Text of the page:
The Paris Wife site is a beauty, so even if you don’t care to read the book you should at least check out the photos of both the Hemingways and the landmarks of their life together. Also, I hate to veer away from solid sources, however, I did get snagged by Paula McLain’s bio spot on amazon, and her personal history is worth the link over. Very intriguing.

Paula McLain received her MFA in poetry from University of Michigan and has published two collections of poetry, a memoir and an earlier novel titled  A Ticket to Ride. The Paris Wife was released just a few weeks ago.

McLain will add her name to an impressive list of authors who have appeared as part of the National Writers Series of Traverse City and will offer a talk and signing at the City Opera House on Thursday, April 14, 2011 at 7:00 pm. More from NLR on this later…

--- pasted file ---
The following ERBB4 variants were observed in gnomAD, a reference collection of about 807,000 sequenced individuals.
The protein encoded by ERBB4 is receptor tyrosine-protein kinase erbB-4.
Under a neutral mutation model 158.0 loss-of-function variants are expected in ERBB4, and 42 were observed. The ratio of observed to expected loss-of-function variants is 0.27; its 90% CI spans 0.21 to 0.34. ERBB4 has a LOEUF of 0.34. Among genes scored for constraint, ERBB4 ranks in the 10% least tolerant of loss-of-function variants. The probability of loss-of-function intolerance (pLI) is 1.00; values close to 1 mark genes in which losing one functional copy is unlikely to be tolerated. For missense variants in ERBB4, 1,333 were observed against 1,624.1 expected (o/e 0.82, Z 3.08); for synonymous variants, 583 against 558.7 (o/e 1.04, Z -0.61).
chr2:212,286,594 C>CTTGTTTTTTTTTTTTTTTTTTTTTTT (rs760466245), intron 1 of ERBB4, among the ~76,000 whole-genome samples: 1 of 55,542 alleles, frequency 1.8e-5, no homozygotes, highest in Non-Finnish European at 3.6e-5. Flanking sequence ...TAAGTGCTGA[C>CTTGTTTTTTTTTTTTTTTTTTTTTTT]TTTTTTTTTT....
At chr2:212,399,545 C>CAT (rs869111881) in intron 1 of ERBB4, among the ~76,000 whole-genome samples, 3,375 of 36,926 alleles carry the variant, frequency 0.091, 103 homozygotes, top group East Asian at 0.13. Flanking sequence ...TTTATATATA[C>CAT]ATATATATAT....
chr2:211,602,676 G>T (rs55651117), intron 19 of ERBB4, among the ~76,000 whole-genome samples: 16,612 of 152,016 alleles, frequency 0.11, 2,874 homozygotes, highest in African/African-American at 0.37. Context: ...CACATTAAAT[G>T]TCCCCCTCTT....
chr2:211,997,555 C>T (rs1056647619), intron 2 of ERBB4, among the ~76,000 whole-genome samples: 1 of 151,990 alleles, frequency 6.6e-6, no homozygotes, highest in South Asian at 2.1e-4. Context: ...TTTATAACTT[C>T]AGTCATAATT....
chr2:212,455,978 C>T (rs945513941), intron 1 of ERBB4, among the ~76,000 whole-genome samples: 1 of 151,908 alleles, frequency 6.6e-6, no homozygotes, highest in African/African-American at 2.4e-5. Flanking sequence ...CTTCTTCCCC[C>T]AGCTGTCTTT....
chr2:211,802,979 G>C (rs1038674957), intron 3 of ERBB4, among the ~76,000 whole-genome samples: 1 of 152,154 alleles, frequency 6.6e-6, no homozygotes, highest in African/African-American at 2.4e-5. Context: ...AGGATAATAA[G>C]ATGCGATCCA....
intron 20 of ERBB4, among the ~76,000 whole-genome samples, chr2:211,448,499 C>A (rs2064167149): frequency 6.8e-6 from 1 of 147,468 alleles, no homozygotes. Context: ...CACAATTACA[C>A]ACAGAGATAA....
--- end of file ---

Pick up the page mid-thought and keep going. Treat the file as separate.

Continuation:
-Support your local bookstores, libraries, and universities. It matters.

*Information taken from the official site of “The Paris Wife”

-Post by Megan Shaffer

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Filed under Authors, Book Reviews, Paula McLain, The Paris Wife

Paula McLain Brings ‘The Paris Wife’ to Ann Arbor

DetailsIf you haven’t yet heard of Paula McLain’s new novel The Paris Wife then it’s time to tune in. The Paris Wife “brilliantly captures the voice and heart of Hadley Hemingway as she struggles with her roles as a woman – wife, lover, muse, friend, and mother – and tries to find her place in the intoxicating and tumultuous world of Paris in the twenties.”*